G20 Rome: Experts Point at Advances in COVID & Economic Recovery, Limited Success on Climate
The Group of 20 has concluded its annual summit in Italy, showing progress on global taxation and vaccines distribution but leaving many blanks on environmental issues.
For two days Rome’s EUR district was turned into a fortress: the G20 summit venues were guarded by beefed up security forces. Unlike some previous summits, such as the 2017 Hamburg G20, the meeting of the world leaders in Italy has not been marked by violent protests. Nevertheless, several rallies, including a small gathering of environmental activists were played out in the capital.
Most protests revolved around environmental issues, with groups, such as Fridays for Future
at the forefront. Other rallies around the capital were organised by union workers and opponents of the “Green Pass” COVID certificate.
Despite some discontent in the Italian capital, it looks like the host nation decided to show a positive example to fellow G20 members when it comes to national reconciliation, making it possible to work on the summit's strategic goals. Prime Minister Mario Draghi, who entered office in February of 2021, has the support of various political forces from the left, the centre, and right.
According to Deputy President of the EU Policy Committee in the Italian Chamber of Deputies Matteo Luigi Bianchi, the people’s trust allows Draghi to focus on economic growth and prosperity – the same goals that the Italian Prime Minister and his fellow leaders discussed at the G20:
“Italians trust their government with Premier Draghi, it’s a wonderful thing. The government sets sights on growth and on fewer taxes to stimulate the companies. Everything is focused on the economy.”
Discussions on the prosperity and the economy were key at both plenary sessions and bilateral meetings at the summit, and some experts say that the leaders have made serious steps forward in this area. Besides the deal on the first major overhaul of the world’s taxation system
in many years which would increase taxes for global corporations, some G20 members decided to help impoverished nations through the IMF.
“We also saw another key component: several countries signalling that they would channel some of their new special drawing rights (SDRs) just created at the International Monetary Fund, to poor countries.” – says Director of the G20 Research Group John Kirton. – “France had done it a few weeks ago. Canada yesterday said it would too, and it would give 20% of its new SDRs- the same figure as the French.“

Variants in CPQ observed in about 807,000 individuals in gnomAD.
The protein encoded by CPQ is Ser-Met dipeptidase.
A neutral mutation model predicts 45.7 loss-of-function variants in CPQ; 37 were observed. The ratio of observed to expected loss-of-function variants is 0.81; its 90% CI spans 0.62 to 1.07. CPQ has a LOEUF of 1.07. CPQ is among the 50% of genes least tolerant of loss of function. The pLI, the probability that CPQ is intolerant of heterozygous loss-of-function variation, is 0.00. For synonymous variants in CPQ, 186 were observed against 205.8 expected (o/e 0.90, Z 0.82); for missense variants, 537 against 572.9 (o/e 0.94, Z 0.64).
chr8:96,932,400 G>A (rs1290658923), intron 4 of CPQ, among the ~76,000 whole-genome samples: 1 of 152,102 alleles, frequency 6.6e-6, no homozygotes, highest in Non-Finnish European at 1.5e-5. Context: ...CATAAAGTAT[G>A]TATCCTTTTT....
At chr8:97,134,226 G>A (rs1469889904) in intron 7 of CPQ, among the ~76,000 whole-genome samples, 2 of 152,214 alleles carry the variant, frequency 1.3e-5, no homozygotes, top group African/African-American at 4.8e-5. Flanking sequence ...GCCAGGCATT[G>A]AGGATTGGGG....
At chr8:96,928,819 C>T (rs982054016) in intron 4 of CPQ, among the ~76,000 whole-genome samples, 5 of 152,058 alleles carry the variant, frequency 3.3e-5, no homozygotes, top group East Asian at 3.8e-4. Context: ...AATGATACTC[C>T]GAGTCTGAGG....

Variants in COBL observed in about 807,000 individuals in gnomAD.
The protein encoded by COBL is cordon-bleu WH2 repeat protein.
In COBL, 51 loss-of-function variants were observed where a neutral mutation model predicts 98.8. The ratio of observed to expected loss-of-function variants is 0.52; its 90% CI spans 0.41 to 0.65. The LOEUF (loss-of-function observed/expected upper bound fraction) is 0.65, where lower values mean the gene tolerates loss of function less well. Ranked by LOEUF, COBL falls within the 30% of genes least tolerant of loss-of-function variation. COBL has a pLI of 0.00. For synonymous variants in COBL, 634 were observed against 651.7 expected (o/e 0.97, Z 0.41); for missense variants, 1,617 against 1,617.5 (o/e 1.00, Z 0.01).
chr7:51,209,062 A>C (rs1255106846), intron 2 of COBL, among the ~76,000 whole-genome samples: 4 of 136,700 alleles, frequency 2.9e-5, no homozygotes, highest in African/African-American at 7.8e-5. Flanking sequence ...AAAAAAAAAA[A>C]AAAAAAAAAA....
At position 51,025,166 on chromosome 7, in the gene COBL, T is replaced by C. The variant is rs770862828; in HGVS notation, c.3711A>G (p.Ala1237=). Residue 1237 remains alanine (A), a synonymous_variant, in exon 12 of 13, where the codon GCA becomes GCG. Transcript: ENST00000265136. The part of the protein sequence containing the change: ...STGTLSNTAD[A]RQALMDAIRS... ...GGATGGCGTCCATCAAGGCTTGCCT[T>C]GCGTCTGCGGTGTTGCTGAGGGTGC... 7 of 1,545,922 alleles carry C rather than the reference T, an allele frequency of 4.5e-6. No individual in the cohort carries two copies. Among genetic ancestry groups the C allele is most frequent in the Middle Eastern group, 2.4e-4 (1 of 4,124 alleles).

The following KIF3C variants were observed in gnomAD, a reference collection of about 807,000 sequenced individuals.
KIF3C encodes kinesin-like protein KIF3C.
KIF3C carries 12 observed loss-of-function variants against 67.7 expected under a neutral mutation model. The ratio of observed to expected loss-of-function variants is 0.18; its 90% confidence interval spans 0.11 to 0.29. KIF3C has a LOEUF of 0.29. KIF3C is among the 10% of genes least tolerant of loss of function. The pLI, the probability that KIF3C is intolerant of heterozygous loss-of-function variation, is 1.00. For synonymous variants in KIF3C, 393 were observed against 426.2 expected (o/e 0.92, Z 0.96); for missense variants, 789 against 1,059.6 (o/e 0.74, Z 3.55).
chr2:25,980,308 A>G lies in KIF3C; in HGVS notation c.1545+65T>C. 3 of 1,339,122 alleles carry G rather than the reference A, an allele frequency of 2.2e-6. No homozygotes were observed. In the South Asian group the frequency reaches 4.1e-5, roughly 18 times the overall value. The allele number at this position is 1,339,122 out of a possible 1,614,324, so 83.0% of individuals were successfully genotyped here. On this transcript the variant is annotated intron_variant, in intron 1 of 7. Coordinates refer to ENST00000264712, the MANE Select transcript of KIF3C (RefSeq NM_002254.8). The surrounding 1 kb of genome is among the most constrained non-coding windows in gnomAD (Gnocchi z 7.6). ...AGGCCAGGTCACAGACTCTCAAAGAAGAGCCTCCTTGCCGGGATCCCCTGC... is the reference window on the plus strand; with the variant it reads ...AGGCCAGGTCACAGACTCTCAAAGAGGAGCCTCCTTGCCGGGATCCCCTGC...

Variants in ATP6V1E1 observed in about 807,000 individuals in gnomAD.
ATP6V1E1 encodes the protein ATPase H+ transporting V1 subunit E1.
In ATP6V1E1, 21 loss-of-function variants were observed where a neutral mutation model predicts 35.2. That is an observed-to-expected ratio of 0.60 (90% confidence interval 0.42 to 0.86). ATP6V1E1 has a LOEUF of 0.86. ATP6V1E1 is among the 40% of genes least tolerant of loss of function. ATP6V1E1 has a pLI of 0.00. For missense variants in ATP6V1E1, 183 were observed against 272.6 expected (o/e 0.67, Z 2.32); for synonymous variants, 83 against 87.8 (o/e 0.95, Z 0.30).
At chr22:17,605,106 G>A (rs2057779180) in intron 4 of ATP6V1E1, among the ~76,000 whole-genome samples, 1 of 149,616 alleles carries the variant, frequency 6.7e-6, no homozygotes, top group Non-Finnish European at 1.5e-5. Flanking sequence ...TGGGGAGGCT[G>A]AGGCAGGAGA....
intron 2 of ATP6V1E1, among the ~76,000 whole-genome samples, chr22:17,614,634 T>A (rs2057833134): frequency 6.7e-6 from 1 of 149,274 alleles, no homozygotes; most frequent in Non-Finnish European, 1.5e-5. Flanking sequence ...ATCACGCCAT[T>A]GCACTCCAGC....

Despite the official summit motto -“People, Planet, Prosperity” - not mentioning COVID-19 directly, it was a hot topic
for the world leaders. Even though some member states were successful in rolling out vaccines domestically, the lack of international coordination between G20 nations on how to approach the pandemic was clearly visible.
However, according to Kirton, bloc members managed to move forward when it comes to vaccine distribution.
“The big “number one thing” they had to do was to respond to the current emergency, making credible promises to provide doses, or dollars to buy doses or support for domestic manufacturing to poor countries, particularly the largely unvaccinated ones, rather than save all their own doses to give their citizens a third shot. So, yesterday it was highly encouraging to see several G20 countries make announcements of additional doses or dollars.”
Summit sessions on the environment did not seem to bring any significant breakthroughs. The leaders confirmed once again their commitment to the principles of the Paris Climate Accord. But critics, especially those who took to the streets around the G20 perimeter in Rome, say that the Paris agreement, which was signed in 2015, is not obligatory for individual countries, and many of the world’s biggest economies decide for themselves how much effort they dedicate to preserving the environment.
31 October 2021, 10:18 GMT
Nevertheless, according to Nobel laureate Riccardo Valentini, who is known for his research of forest ecology, the Rome meeting itself has become a good warm up ahead of the UN Climate Change Conference (COP26
) in Scotland which began on 31 October and will focus exclusively on the environment:
“I think that the G20 is very important now because it was very close to the conference in Glasgow. And in reality, this is the only place where leaders can speak more freely on this topic, they can exchange views and make some commitments.“
The Group of 20 was created in 1999 to address the global economy, financial stability, and environmental issues. The bloc currently consists of 19 member states and the EU. In December Italy will hand over the presidency in the G20 to Indonesia, with the next G20 summit to be held in Bali.